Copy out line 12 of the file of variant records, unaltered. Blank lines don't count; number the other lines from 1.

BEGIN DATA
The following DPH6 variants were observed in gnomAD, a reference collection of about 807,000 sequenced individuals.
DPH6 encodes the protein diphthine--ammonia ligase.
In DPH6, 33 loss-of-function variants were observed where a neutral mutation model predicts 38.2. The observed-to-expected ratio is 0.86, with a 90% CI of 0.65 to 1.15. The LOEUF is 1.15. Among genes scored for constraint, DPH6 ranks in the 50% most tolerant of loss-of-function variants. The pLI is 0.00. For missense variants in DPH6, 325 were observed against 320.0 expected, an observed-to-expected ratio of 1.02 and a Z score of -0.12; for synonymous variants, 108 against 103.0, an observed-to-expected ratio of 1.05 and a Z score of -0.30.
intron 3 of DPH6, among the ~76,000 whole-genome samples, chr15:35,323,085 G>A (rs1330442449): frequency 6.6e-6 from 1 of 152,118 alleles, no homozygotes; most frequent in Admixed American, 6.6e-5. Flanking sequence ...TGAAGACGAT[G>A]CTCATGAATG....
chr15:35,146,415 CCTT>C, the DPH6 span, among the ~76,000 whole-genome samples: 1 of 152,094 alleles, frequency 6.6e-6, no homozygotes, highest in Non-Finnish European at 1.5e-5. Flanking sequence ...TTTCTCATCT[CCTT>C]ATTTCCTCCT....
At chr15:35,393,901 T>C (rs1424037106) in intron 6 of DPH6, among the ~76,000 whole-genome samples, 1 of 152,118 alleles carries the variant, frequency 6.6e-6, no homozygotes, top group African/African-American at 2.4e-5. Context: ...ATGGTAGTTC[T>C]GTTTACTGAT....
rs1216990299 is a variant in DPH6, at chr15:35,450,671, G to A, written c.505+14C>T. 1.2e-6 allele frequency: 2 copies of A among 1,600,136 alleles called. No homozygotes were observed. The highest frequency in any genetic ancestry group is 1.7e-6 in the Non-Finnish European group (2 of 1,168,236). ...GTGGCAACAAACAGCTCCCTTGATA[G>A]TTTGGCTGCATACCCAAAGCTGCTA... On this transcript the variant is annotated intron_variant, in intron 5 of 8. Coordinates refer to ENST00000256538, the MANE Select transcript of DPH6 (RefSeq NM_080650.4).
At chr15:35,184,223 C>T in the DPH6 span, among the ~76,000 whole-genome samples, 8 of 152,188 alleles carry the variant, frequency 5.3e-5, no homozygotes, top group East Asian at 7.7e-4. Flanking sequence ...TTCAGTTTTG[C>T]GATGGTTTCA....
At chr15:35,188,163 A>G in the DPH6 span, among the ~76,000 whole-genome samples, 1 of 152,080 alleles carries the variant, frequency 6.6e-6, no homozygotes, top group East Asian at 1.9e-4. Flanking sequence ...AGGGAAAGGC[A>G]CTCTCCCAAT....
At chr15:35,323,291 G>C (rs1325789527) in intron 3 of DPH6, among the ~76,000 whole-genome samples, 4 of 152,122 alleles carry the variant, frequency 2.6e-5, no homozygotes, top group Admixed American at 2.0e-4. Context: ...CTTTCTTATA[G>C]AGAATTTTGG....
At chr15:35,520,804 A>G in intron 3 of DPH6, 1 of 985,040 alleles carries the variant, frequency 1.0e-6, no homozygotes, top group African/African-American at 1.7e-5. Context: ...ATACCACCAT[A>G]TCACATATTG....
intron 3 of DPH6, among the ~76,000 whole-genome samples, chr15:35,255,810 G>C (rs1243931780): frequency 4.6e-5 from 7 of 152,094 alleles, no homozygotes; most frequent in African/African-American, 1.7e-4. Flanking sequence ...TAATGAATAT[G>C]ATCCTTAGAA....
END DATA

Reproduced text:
intron 3 of DPH6, among the ~76,000 whole-genome samples, chr15:35,255,810 G>C (rs1243931780): frequency 4.6e-5 from 7 of 152,094 alleles, no homozygotes; most frequent in African/African-American, 1.7e-4. Flanking sequence ...TAATGAATAT[G>C]ATCCTTAGAA....